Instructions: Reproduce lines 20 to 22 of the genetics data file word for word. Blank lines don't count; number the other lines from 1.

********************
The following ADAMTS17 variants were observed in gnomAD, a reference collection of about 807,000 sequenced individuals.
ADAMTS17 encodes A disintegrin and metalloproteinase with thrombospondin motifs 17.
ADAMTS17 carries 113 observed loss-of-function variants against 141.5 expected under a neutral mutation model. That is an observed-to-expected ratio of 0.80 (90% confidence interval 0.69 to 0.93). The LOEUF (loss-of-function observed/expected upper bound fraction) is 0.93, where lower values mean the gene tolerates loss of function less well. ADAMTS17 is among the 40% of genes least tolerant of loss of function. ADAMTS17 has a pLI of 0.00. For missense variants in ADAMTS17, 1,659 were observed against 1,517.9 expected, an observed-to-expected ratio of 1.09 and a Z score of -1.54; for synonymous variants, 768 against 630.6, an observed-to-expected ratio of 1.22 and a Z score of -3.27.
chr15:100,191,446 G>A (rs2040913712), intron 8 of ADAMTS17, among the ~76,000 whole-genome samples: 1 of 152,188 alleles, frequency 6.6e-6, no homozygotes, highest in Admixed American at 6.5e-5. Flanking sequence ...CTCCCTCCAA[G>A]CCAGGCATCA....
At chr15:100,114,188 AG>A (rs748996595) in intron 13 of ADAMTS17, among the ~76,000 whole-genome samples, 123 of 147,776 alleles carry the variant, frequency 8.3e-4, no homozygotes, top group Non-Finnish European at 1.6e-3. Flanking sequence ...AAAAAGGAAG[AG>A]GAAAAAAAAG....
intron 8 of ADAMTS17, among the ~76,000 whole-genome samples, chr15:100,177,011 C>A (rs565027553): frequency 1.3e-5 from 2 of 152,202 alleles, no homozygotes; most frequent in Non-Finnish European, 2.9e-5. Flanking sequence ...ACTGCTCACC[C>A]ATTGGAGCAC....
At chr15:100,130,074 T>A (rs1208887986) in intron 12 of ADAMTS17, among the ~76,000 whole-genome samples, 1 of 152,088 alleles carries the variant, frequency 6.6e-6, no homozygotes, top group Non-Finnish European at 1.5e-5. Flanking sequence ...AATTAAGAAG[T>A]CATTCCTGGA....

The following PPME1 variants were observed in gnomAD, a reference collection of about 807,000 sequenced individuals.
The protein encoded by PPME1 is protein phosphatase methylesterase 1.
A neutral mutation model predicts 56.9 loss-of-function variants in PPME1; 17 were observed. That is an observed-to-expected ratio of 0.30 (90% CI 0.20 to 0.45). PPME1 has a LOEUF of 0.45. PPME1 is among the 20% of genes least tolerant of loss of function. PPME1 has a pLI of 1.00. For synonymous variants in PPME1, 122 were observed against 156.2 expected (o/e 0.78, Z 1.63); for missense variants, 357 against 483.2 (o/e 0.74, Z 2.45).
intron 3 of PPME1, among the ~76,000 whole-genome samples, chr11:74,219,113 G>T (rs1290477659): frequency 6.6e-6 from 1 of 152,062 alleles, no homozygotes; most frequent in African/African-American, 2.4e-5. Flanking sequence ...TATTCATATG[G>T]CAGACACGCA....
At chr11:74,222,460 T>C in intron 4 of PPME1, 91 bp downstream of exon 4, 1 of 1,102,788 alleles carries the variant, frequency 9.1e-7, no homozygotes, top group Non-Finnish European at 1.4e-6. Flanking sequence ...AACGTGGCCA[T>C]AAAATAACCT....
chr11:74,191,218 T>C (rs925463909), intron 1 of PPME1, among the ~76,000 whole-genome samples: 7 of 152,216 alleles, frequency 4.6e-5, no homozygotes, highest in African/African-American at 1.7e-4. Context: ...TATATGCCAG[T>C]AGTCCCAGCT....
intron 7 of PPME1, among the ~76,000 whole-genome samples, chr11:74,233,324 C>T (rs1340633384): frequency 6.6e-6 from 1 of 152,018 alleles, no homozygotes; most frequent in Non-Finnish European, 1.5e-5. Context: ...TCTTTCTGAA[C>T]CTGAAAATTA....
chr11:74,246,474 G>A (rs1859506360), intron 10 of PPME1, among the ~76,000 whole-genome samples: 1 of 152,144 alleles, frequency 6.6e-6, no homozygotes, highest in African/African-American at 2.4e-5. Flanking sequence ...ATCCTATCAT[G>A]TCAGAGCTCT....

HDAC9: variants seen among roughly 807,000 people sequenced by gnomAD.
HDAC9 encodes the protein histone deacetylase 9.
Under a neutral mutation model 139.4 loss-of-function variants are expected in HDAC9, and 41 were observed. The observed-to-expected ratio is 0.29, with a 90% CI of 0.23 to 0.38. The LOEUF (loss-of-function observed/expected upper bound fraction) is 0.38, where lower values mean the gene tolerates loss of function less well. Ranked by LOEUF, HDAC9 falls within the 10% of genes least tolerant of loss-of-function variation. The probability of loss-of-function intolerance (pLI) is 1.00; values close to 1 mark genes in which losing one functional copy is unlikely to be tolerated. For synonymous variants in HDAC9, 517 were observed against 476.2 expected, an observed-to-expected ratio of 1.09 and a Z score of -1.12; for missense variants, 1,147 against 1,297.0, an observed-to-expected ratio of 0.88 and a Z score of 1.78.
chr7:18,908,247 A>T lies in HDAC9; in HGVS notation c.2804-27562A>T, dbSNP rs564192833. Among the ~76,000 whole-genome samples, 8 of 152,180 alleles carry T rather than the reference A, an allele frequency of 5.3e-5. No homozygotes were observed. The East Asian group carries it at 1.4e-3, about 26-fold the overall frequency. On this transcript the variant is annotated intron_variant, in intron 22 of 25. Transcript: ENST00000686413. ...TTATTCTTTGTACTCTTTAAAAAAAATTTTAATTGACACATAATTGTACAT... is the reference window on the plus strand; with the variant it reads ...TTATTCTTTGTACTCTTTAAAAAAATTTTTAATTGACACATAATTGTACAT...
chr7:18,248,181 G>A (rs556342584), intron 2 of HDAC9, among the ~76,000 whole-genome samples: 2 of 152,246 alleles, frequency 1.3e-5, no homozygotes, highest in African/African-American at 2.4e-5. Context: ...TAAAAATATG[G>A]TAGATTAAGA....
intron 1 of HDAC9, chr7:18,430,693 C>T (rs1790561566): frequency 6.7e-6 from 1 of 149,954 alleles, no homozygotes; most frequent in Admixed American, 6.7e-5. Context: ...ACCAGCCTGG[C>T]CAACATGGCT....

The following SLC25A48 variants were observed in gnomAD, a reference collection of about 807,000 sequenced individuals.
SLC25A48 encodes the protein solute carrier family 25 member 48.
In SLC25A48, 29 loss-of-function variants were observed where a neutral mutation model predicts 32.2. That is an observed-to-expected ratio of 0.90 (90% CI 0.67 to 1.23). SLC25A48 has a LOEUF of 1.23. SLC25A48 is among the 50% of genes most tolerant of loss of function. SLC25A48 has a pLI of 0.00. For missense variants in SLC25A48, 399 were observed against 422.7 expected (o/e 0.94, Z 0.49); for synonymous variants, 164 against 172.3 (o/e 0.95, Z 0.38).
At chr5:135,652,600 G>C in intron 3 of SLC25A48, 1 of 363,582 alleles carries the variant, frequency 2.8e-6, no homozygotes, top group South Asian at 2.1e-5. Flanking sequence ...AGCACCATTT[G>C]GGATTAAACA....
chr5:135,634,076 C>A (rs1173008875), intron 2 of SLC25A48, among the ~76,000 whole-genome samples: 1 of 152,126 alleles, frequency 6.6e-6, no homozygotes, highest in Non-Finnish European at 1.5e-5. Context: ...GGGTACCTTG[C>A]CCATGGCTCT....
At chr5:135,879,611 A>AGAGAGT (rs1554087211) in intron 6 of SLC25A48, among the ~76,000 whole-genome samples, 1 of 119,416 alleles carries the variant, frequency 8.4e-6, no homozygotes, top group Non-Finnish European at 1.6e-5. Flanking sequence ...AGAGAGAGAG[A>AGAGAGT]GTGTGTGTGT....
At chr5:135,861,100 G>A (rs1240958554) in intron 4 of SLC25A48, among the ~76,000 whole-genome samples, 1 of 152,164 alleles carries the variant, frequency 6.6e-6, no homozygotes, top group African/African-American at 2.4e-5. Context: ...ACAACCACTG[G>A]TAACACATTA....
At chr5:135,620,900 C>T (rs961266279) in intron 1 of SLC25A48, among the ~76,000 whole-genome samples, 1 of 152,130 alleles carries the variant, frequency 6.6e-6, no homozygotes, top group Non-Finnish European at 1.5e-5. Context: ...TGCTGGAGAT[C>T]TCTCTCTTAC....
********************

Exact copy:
chr7:18,248,181 G>A (rs556342584), intron 2 of HDAC9, among the ~76,000 whole-genome samples: 2 of 152,246 alleles, frequency 1.3e-5, no homozygotes, highest in African/African-American at 2.4e-5. Context: ...TAAAAATATG[G>A]TAGATTAAGA....
intron 1 of HDAC9, chr7:18,430,693 C>T (rs1790561566): frequency 6.7e-6 from 1 of 149,954 alleles, no homozygotes; most frequent in Admixed American, 6.7e-5. Context: ...ACCAGCCTGG[C>T]CAACATGGCT....

The following SLC25A48 variants were observed in gnomAD, a reference collection of about 807,000 sequenced individuals.